Words of Confusion Wednesday

Today’s confusing words are “affect” and “effect”.  I see this one interchanged a lot when I edit or beta read.  Even though they are spelled correctly in the manuscript, spellchecker may or may not pick up on the discrepancy because they are very close in  meaning but yet they’re not.  I hope to help clear up a bit of confusion.

Affect is most commonly used as a verb, and it means to cause change in some way.

Example sentences:

The cold weather affected the crops.

The music affected her dreams.

Affect can also be used as a noun, though it is not very common.  It means ‘to show little emotion’

Example sentence:  

She showed little affect when she won the award.


Effect is usually used as a noun and it means “the result or outcome of a cause; a person’s immediate personal belongings.

Example sentences:

His speech had a profound effect on me.

The girl collected her effects before leaving work.

Effect can also be used less commonly as a verb, meaning “to bring about”

Example sentence:

“His words effected a riot.”


I try to remember a sentence like the following when remembering which one to use:
The words affected the author deeply; however, they had no effect on the agent.


Okay…that’s it.  I hope I helped to clear up a little confusion.  Happy writing.  See you next Wednesday with more words of confusion.

Words of Confusion Wednesday

Ok.  I’m starting something new.  Words that confuse us when we write.  I mean, let’s face it. The English language is probably one of the hardest languages to learn because words have so many meanings, not to mention they have sound alike, but not spelled alike, twins.  For example, today’s confusing words:  peek, peak and pique.  All sound alike, all can do and mean different things.


Peak as a noun:  refers to the pinnacle of a hill or mountain.    “The hikers arrived at the peak at sunset.”

Peak as a verb:  it means to reach a maximum.  “His speed will peak at 130 miles per hour.”

Peak as an adjective:  “His peak speed is 130 miles per hour.”


Peek as a noun or a verb means to glance or have a brief look.


Pique, as a noun means a sense of wounded pride.  “More is at stake than just personal pique.”

Pique as a verb means to excite, arouse or irritate.  “The manuscript piqued the editor’s interest.”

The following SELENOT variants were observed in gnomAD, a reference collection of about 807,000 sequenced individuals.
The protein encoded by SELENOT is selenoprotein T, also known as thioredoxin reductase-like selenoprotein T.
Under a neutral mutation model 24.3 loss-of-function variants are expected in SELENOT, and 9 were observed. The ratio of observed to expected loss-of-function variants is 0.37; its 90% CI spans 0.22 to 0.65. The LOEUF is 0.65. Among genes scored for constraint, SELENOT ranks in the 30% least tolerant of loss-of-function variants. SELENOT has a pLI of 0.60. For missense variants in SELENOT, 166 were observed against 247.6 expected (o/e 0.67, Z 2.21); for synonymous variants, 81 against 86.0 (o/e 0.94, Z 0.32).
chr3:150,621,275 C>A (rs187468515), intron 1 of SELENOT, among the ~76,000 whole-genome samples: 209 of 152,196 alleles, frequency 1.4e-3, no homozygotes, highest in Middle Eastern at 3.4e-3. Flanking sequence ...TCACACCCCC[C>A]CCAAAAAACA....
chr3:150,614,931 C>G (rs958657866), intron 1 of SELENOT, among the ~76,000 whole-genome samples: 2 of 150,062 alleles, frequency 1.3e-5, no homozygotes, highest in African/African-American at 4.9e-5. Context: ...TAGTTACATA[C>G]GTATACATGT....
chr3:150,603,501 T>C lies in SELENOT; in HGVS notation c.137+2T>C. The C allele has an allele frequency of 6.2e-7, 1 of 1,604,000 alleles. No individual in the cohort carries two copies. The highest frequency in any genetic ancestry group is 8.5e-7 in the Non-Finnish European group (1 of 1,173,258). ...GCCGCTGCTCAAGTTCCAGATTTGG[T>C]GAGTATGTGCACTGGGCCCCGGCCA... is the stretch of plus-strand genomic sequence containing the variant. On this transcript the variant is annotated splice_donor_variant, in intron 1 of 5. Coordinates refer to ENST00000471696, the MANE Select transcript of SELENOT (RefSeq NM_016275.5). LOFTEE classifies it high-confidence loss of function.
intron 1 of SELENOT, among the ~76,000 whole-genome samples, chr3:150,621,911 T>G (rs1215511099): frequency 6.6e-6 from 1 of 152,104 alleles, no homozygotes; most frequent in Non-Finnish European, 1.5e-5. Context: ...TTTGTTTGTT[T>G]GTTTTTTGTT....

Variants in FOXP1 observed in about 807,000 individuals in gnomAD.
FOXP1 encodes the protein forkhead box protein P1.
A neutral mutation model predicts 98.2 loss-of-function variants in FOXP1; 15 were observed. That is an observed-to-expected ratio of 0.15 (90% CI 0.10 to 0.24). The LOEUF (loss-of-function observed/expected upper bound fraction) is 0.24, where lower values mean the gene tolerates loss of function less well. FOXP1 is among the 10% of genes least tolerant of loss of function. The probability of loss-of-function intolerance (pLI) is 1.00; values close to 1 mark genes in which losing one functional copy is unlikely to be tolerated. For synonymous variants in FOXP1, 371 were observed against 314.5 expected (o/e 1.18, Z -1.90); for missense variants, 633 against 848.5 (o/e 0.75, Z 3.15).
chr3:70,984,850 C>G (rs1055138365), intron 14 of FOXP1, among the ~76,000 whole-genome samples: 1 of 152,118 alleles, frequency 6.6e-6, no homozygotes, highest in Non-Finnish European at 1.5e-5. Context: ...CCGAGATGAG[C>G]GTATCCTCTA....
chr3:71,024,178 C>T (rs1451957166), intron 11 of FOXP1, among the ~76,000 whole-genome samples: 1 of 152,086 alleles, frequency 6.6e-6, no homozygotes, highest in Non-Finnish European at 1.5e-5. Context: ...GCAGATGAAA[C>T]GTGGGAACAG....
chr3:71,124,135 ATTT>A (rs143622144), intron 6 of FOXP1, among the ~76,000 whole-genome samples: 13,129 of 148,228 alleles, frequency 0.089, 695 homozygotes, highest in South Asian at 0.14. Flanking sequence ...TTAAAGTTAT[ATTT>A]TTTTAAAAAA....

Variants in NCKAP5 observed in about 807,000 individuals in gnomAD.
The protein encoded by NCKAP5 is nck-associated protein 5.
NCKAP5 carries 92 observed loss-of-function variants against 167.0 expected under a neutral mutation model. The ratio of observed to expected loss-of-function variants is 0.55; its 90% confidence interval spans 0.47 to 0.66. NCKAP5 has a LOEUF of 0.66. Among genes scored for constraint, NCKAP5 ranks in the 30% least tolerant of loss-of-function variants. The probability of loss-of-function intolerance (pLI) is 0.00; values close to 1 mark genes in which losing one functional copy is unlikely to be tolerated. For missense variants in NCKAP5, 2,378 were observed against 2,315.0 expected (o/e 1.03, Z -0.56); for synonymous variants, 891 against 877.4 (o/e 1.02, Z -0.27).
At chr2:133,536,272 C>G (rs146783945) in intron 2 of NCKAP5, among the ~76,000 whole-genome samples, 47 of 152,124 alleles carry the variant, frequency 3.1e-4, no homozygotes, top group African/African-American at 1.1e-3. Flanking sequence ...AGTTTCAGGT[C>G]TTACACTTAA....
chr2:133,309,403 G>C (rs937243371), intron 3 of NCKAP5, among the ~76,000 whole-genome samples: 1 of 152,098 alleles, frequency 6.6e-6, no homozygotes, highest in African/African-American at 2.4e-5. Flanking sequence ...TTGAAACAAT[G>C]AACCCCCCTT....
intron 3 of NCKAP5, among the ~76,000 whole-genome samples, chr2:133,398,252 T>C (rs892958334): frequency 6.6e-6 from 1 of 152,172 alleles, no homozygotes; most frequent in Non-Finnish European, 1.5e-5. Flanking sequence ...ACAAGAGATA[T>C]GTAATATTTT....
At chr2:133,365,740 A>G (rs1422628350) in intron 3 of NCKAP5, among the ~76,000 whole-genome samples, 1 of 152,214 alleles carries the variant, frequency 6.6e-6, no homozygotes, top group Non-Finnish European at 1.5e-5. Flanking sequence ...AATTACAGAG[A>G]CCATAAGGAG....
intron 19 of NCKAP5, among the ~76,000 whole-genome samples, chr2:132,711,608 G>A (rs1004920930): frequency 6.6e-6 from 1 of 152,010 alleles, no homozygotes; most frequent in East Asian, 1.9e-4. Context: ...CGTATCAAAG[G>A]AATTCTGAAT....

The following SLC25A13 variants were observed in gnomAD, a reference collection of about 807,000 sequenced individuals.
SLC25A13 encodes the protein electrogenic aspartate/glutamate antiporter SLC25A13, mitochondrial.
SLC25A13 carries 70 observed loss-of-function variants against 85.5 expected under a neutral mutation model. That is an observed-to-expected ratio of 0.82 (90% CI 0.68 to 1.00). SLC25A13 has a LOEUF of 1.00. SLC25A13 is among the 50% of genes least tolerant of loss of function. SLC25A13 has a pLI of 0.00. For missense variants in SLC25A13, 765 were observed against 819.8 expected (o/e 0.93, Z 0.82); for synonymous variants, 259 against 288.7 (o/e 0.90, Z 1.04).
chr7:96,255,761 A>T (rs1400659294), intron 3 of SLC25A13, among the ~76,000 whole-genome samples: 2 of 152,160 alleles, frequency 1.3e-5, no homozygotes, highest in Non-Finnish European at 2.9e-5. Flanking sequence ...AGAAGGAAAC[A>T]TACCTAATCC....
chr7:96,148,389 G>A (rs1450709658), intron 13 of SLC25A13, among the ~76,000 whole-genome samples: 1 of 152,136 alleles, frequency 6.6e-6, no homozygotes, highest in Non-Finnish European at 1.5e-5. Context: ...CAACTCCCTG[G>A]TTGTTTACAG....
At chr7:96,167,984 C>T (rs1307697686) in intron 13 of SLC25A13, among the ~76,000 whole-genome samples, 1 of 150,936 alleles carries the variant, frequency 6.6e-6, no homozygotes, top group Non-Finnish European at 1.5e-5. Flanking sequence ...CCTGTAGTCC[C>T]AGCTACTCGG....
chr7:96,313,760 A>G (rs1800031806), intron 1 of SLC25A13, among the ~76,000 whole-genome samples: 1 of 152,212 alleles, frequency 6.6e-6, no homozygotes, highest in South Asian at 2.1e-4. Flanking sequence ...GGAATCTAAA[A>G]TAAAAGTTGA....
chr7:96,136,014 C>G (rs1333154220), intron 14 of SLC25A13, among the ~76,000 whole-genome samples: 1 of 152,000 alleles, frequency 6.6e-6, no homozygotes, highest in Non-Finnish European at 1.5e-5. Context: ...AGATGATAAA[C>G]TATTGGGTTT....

I hope you visit every Wednesday for more Words of Confusion.  Until next time…



I is for Its (or is it It’s?)

This is a continuation of the A-Z blog challenge.  Click here to see the list of all 1935 participants!

“It’s a beautiful ocean and I’m going to play in its waves!”

Two of the most widely confused written words are in the above sentence: it’s and its. I see the words mixed-up a lot when I beta read. Most of the time, it’s simply a mistake the writer didn’t catch. Sometimes, though, people don’t know the difference between the two. I’d like to try and help clear up the confusion.

What is the difference between it’s and its? It’s simple:

It’s is the contraction for “It is” or “It has”.

Its” shows possession, and always modifies the primary noun in the sentence so you don’t have to repeat it.

For example:

IT’S (It is):

“It’s raining again.” = “It is raining again.”
“It’s a silly play.” = “It is a silly play.”
“It’s my favorite sandwich.” – “It is my favorite sandwich.”

ITS (possessive):

“The cat licked its paw.”
“Its petals fell to the ground.”
“I haven’t seen its kind in many years.”

Like ‘yours’, ‘ours’, ‘his’ and ‘hers’, an apostrophe is not needed to show possession.

Easy, right?  Test your skills below.


1.  I can’t believe its/it’s so cold in here!

2.  Its/It’s a beautiful day!

3.  The penguin is known for its/it’s inability to fly.

4.  The book fell apart, its/it’s spine broken.

5.  The university is very proud of its/it’s reputation.

6.  Its/It’s inconceivable!


1.  it’s

2.  It’s

3.  its

4.  its

5.  its

6.  It’s

How many did you get right?

Just remember, if you can say ‘it is’ in the sentence, use “it’s”. If you can’t, use “its”

Now that you know the difference between your ‘itses’ ( 🙂 ), go check your MS before you send it out to an agent or publisher! They’ll be happy you took the extra time.